Self-employed should think before claiming SEISS

by Tracey Heath

Published on 11th August 2020

Self-employed business owners and sole traders shouldn’t rush to apply for the second round of SEISS Government coronavirus relief funding unless they are confident they qualify. That’s the view of our expert team here at Swindon accountants Optimum.

Thousands of self-employed people have already benefitted from the first tranche of the self-employed income support scheme (SEISS). The second round of funding opens for applications from August 17, but is aimed only at those who have been adversely affected by Coronavirus since July 14.

If there is an overpayment, then HMRC has to be notified of this within 90 days of the claim being submitted. Failing to do so could incur penalties of between 30% and 100% of the overclaimed amount.

A similar penalty regime is in place for overpayment to employers of the Government’s Coronavirus job retention scheme, or CJRS, known as the furlough scheme.

“With the SEISS, HMRC carries out its own assessment and if an individual meets certain criteria they are invited to apply,” says Mandy Gibson, Tax Supervisor at Swindon-based Optimum. “These criteria are that the business has to have been adversely affected by the pandemic, that the individual traded in 2019/20 and that they intend to continue to trade in 2020/21.

“With the first round of SEISS claims, HMRC had self-assessment returns to base its information on. This second round depends on current trading, only applying to businesses adversely affected on or after July 14.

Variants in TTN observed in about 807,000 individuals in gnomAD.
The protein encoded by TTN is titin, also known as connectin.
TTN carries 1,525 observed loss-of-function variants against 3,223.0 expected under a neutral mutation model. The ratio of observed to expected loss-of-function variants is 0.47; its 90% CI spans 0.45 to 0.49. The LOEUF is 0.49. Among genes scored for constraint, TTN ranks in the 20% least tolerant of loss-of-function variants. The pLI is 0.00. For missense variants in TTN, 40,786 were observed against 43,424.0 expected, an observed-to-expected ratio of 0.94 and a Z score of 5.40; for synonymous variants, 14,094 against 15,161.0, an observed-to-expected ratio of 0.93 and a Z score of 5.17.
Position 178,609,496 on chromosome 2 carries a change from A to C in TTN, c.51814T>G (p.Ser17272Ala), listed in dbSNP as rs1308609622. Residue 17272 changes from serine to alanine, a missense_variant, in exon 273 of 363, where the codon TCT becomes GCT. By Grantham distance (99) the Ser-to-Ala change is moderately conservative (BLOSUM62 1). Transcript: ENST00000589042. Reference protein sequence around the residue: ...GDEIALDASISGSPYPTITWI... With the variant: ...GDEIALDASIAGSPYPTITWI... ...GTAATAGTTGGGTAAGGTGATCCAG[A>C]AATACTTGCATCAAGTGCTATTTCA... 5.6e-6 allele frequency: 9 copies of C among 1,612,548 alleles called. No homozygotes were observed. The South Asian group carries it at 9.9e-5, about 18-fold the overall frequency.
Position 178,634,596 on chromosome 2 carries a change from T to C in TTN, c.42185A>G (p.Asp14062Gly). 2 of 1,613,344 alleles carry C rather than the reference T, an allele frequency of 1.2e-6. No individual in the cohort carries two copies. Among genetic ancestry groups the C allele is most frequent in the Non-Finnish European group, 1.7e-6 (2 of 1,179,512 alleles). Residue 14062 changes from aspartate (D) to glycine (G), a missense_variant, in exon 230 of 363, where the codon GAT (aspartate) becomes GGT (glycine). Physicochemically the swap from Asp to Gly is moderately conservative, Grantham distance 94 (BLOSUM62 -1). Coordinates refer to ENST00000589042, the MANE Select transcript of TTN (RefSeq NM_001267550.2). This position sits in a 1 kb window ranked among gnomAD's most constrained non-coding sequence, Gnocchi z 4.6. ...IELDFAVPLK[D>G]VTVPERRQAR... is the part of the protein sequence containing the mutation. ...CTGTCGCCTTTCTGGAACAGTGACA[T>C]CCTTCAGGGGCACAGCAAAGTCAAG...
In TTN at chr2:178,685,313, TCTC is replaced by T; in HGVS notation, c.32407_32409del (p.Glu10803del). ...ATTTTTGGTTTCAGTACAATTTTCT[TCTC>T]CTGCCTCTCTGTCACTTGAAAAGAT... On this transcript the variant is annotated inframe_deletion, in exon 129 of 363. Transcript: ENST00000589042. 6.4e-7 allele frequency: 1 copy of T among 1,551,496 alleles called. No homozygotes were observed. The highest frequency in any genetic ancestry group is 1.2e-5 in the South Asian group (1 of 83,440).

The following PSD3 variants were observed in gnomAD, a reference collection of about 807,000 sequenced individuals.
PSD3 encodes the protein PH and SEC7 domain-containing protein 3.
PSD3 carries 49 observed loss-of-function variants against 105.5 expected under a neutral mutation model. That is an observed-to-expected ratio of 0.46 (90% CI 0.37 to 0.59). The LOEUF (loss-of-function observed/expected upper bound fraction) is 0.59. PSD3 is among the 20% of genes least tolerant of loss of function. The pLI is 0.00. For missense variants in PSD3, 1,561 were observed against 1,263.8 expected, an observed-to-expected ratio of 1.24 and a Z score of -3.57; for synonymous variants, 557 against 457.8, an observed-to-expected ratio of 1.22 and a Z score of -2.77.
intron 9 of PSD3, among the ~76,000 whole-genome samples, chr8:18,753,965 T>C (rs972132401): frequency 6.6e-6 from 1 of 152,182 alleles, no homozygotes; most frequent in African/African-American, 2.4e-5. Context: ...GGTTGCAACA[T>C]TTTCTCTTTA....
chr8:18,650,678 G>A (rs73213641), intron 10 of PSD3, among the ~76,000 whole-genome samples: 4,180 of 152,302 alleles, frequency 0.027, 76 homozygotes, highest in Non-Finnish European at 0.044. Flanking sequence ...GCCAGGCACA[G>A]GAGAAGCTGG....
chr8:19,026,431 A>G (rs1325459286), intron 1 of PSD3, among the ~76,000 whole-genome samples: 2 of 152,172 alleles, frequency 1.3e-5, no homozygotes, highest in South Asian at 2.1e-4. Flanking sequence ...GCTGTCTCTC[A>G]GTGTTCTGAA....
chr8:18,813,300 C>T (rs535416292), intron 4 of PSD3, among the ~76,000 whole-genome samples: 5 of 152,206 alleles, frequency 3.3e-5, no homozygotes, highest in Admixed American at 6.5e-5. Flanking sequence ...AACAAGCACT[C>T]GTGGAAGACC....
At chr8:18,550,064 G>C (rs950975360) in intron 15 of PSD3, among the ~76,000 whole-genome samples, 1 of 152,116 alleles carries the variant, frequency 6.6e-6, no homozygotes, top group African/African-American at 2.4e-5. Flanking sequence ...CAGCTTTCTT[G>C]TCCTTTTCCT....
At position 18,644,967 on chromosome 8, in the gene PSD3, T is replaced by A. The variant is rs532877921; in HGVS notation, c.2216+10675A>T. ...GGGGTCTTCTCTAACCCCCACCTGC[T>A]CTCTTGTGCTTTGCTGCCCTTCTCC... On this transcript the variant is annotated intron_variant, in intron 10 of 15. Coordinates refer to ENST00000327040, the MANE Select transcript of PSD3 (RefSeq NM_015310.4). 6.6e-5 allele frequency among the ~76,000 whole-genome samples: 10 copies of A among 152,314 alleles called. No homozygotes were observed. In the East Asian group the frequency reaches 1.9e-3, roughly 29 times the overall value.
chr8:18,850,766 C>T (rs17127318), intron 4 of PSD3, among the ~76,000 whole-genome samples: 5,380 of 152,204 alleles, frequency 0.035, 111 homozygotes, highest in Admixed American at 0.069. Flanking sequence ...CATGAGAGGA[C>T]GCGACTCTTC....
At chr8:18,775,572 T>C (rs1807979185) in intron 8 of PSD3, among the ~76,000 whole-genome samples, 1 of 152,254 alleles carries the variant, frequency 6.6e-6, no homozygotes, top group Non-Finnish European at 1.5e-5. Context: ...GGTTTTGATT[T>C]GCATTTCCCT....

“This second round is also more complicated because the onus is very much on the individual to ensure they meet the criteria. If they don’t, and they overclaim and fail to notify HMRC of this, then penalties will be incurred.”

HMRC has issued guidance on what it means by ‘adversely affected’. This includes the business having stopped trading temporarily, or being scaled back, or having incurred extra costs. Examples include have fewer or no customers, the supply chain being interrupted, or contracts being cancelled.

Mandy adds it is important to remember SEISS payments count as income, and are liable to tax.

“The rules around SEISS and other support are not as straightforward as they might appear. Throughout lockdown and as we emerge from the restrictions, we have been working closely with clients, including SMEs, business owners and the self-employed, to ensure they understand what they can claim and also to help ensure their businesses are in the best position as we move forward.”

To talk to our Swindon accountancy team about the second round of SEISS, or any of the other Government financial support schemes created in response to COVID-19, please get in touch.

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